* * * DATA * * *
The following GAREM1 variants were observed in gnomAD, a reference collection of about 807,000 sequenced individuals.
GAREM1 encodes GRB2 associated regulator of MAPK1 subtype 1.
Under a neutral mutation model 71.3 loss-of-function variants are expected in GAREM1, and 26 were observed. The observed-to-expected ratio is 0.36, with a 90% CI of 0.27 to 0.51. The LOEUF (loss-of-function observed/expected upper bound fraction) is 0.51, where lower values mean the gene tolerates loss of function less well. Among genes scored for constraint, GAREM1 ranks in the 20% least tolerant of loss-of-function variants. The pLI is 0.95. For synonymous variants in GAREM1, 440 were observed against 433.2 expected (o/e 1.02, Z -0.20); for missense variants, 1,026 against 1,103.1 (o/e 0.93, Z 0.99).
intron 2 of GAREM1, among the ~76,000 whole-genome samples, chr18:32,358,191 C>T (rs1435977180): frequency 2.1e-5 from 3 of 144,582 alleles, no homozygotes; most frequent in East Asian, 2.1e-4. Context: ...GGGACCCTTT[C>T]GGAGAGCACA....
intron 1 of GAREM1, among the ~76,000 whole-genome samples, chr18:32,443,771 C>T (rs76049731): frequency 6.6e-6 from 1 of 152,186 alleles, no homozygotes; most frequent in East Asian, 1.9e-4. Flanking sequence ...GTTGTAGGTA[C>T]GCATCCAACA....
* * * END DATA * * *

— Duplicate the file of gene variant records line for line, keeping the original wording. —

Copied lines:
The following GAREM1 variants were observed in gnomAD, a reference collection of about 807,000 sequenced individuals.
GAREM1 encodes GRB2 associated regulator of MAPK1 subtype 1.
Under a neutral mutation model 71.3 loss-of-function variants are expected in GAREM1, and 26 were observed. The observed-to-expected ratio is 0.36, with a 90% CI of 0.27 to 0.51. The LOEUF (loss-of-function observed/expected upper bound fraction) is 0.51, where lower values mean the gene tolerates loss of function less well. Among genes scored for constraint, GAREM1 ranks in the 20% least tolerant of loss-of-function variants. The pLI is 0.95. For synonymous variants in GAREM1, 440 were observed against 433.2 expected (o/e 1.02, Z -0.20); for missense variants, 1,026 against 1,103.1 (o/e 0.93, Z 0.99).
intron 2 of GAREM1, among the ~76,000 whole-genome samples, chr18:32,358,191 C>T (rs1435977180): frequency 2.1e-5 from 3 of 144,582 alleles, no homozygotes; most frequent in East Asian, 2.1e-4. Context: ...GGGACCCTTT[C>T]GGAGAGCACA....
intron 1 of GAREM1, among the ~76,000 whole-genome samples, chr18:32,443,771 C>T (rs76049731): frequency 6.6e-6 from 1 of 152,186 alleles, no homozygotes; most frequent in East Asian, 1.9e-4. Flanking sequence ...GTTGTAGGTA[C>T]GCATCCAACA....